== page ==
On September 11th the California Legislature passed Bill AB5, which essentially modifies the test by which workers are assessed to determine their proper classification – independent contractor or employee. For years California has used the common law test to determine a worker’s classification. The common law test, AKA the IRS guidelines is a 20-factor test. AB5’s passage allows the State to instead use the ABC Test – a three-prong test, which many believe is the more difficult for companies and workers to comply with.


AB5 was sponsored and passed in response to the Dynamex decision of 2018, in which CA’s highest court adopted a new standard by which to settle civil matters pertaining to worker classification.

Read more about Dynamex here:  


As AB5 moved through the political and legislative process, the loudest voices within Silicon Valley warned of what it would mean to the new, rapidly growing gig economy. Gig companies like Uber and Grubhub put forth tremendous effort to stop the bill, at least in terms of its application to platform workers like rideshare and delivery drivers. Now that it passed without any revisions that allow gig companies to rest easier, the media has been firing off sensationalized headline after sensationalized headline.


From the New York Times – California Bill Makes App-Based Companies Treat Workers as Employees

From the LA TimesNewsom signs bill rewriting California employment law, limiting use of independent contractors

These headlines will certainly grab the attention of anyone with a stake in the game, be they workers, companies, investors, and consumers.

In truth, AB5 does not make anyone treat workers as employees, it simply changes the rules by which their proper classification is determined when a claim arises. 19 other States already use the ABC test in lieu of the common law test.

The ABC Test

  1. The worker is free from the control and direction of the hiring entity in connection with the performance of the work, both under the contract for the performance of the work and in fact.
  2. The worker performs work that is outside the usual course of the hiring entity’s business.
  3. The worker is customarily engaged in an independently established trade, occupation, or business of the same nature as the work performed.

The primary challenge of the ABC Test – why it is more difficult to satisfy than the common law test – is that it places greater weight on the most difficult-to-meet aspects of the common law test. Prong 2– Is what the contractor does within the scope of what the business does? Or, is it outside of the usual course of business?

Prong 3 – Is the worker truly an entrepreneur? What evidence is there to suggest that he/she is, in reality, running a business?

Prong 2 requires companies have a clear and functional understanding of the intricacies of their core business model in terms of how it differs from the businesses being operated by contractors. Prong 3 requires a full-time educational and advocacy effort led not by the companies but by the workers themselves. In both cases, businesses are generally not equipped, nor should they internalize these initiatives.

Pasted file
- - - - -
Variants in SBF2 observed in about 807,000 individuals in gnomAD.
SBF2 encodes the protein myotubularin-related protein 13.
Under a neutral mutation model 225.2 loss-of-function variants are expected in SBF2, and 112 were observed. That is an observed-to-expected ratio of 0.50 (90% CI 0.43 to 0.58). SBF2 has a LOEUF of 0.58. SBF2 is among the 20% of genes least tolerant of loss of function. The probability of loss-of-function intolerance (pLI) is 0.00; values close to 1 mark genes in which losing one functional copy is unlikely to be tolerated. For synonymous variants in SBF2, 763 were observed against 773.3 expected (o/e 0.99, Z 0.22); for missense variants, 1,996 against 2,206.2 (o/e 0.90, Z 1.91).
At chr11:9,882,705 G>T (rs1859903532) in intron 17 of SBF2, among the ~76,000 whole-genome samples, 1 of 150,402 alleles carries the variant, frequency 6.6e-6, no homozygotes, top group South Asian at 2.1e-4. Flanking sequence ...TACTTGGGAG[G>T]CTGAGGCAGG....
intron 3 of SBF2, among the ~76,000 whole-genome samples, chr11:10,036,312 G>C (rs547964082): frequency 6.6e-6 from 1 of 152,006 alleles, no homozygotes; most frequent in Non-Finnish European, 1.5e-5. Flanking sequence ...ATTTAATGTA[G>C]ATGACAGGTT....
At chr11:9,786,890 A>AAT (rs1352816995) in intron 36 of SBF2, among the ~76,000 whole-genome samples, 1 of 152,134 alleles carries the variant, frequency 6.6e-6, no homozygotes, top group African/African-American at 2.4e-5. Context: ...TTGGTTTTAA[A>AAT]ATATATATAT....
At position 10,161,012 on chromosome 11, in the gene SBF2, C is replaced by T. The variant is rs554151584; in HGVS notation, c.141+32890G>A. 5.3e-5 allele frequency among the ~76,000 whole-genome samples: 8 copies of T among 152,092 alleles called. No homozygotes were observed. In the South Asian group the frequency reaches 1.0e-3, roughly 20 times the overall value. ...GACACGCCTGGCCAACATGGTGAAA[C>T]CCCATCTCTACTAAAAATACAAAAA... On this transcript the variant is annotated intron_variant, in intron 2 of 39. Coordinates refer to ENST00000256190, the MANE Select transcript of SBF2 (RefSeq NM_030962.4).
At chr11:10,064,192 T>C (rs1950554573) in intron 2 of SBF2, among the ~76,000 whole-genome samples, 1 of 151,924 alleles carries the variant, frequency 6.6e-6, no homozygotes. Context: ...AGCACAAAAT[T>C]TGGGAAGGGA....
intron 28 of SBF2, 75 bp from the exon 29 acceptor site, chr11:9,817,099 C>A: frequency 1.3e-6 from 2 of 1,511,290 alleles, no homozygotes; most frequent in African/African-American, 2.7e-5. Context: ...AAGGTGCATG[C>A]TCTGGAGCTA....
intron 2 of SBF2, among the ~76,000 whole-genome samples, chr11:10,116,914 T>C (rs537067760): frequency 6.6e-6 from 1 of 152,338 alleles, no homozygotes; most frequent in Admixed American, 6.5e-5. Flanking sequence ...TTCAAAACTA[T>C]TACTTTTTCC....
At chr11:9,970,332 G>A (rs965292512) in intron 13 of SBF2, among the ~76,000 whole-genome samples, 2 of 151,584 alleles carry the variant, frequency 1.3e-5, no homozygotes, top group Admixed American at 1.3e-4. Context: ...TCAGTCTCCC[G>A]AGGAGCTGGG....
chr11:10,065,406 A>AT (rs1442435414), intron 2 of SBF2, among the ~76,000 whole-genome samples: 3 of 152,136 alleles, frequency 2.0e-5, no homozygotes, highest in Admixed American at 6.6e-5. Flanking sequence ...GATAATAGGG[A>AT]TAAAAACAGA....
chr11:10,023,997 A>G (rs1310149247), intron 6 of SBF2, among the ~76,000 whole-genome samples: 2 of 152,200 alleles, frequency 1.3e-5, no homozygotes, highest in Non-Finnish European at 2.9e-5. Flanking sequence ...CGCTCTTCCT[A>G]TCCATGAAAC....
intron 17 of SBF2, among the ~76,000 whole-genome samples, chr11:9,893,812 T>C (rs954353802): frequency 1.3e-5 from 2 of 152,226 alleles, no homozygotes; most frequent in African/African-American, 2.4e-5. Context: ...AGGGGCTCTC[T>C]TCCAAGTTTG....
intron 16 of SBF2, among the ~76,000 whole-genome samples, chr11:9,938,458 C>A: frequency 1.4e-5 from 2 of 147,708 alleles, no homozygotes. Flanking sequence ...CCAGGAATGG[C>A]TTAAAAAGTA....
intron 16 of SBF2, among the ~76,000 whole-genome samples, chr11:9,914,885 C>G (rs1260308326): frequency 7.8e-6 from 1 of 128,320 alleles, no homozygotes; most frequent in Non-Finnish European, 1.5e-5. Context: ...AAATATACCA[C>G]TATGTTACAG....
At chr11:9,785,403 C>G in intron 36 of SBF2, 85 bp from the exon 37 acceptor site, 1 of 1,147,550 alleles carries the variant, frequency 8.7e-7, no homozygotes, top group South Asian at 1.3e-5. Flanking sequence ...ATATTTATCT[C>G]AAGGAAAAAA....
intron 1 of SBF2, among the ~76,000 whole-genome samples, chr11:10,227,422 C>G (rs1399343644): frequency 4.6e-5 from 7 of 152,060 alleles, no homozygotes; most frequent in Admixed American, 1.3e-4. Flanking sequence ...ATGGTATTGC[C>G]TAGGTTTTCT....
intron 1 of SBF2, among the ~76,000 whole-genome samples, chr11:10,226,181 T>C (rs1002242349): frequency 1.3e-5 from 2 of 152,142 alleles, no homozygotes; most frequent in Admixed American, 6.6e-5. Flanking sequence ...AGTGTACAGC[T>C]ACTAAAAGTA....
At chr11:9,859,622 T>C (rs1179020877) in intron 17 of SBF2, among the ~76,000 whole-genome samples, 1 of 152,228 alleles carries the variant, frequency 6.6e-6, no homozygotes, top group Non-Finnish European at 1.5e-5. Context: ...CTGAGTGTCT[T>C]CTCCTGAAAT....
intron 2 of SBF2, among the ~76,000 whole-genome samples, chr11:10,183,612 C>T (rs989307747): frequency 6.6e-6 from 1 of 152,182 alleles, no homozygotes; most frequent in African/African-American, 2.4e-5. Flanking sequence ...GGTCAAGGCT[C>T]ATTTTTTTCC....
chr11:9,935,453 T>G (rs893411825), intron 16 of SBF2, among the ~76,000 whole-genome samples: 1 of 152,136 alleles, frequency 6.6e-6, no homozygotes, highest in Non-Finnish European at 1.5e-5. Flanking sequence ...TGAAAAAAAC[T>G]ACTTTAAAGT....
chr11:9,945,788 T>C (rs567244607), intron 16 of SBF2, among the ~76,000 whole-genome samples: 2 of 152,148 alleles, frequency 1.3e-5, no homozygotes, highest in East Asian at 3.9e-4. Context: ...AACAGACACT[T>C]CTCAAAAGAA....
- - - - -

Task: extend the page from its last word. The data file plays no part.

Be Proactive

Outsourcing IC management to Delivery Drivers, Inc. (DDI) is crucial post-AB5. At the end of the day, all AB5 does is change the rules. Those rules, however, are still followable, but satisfying them requires a much better and more constant effort.

California has been and continues to be arguably the most difficult State to do business in, both in general, but also in terms of labor-related regulation. The costs of litigating a labor matter in California are astronomical. Your risk of facing litigation or regulatory investigation can be reduced not solely by improving independent contractor compliance but also by limiting, if not eliminating the primary causes of action by aggrieved workers. Notably, that includes minimum wage violations, meal and rest period violations and overtime violations. DDI provides decades of experience assisting companies with managing unique compensation models, which are designed first and foremost to benefit the contractors and partners we mutually work with, but they also mitigate direct risk.

Predicting The Future of AB5

DDI has been on the front lines along with a coalition of major gig companies working with legislators, law firms and lobbyists in an effort to promote growth & innovation and secure the future of the gig economy. In the coming months, we can confidently predict several events.

  1. Companies are NOT going to change how they approach their labor force. The businesses commonly referred to in conjunction with this bill are designed and include revenue and profitability models that require the use of contractors in lieu of employees.
  2. Gig workers will not go quietly either. The vast majority of gig workers prefer the contractor model to an employee one. Check out the I’m Independent Coalition https://imindependent.co/
  3. AB5 will be challenged in court as unconstitutional.
  4. The issue will likely be settled by the voters in CA. Uber is the primary sponsor of a ballot initiative slated to be voted on in 2020.

AB5 stinks for workers and it stinks for businesses, but it isn’t the doomsday scenario many would have you believe. The version of the bill that passed is not likely to be the final version of the law 5 years from now. In the meantime, you can be proactive in how you adjust to the changing landscape. DDI can help you do that!